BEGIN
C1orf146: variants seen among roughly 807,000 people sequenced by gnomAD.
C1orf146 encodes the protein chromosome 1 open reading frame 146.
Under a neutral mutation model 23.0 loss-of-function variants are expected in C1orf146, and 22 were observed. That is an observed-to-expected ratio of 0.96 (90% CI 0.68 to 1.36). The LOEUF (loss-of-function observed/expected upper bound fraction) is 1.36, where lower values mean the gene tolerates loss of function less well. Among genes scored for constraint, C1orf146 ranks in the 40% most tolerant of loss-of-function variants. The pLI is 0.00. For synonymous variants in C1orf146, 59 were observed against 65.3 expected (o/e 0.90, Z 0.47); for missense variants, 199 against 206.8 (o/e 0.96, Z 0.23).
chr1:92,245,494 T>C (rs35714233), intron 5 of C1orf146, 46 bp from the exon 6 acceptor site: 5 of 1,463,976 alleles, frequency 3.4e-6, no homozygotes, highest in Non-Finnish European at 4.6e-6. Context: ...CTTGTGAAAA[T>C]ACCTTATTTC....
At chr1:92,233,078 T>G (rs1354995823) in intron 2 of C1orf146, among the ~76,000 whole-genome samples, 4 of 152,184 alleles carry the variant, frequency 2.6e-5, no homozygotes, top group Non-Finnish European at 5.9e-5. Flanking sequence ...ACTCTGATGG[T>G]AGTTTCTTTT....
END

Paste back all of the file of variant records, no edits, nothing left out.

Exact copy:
C1orf146: variants seen among roughly 807,000 people sequenced by gnomAD.
C1orf146 encodes the protein chromosome 1 open reading frame 146.
Under a neutral mutation model 23.0 loss-of-function variants are expected in C1orf146, and 22 were observed. That is an observed-to-expected ratio of 0.96 (90% CI 0.68 to 1.36). The LOEUF (loss-of-function observed/expected upper bound fraction) is 1.36, where lower values mean the gene tolerates loss of function less well. Among genes scored for constraint, C1orf146 ranks in the 40% most tolerant of loss-of-function variants. The pLI is 0.00. For synonymous variants in C1orf146, 59 were observed against 65.3 expected (o/e 0.90, Z 0.47); for missense variants, 199 against 206.8 (o/e 0.96, Z 0.23).
chr1:92,245,494 T>C (rs35714233), intron 5 of C1orf146, 46 bp from the exon 6 acceptor site: 5 of 1,463,976 alleles, frequency 3.4e-6, no homozygotes, highest in Non-Finnish European at 4.6e-6. Context: ...CTTGTGAAAA[T>C]ACCTTATTTC....
At chr1:92,233,078 T>G (rs1354995823) in intron 2 of C1orf146, among the ~76,000 whole-genome samples, 4 of 152,184 alleles carry the variant, frequency 2.6e-5, no homozygotes, top group Non-Finnish European at 5.9e-5. Flanking sequence ...ACTCTGATGG[T>G]AGTTTCTTTT....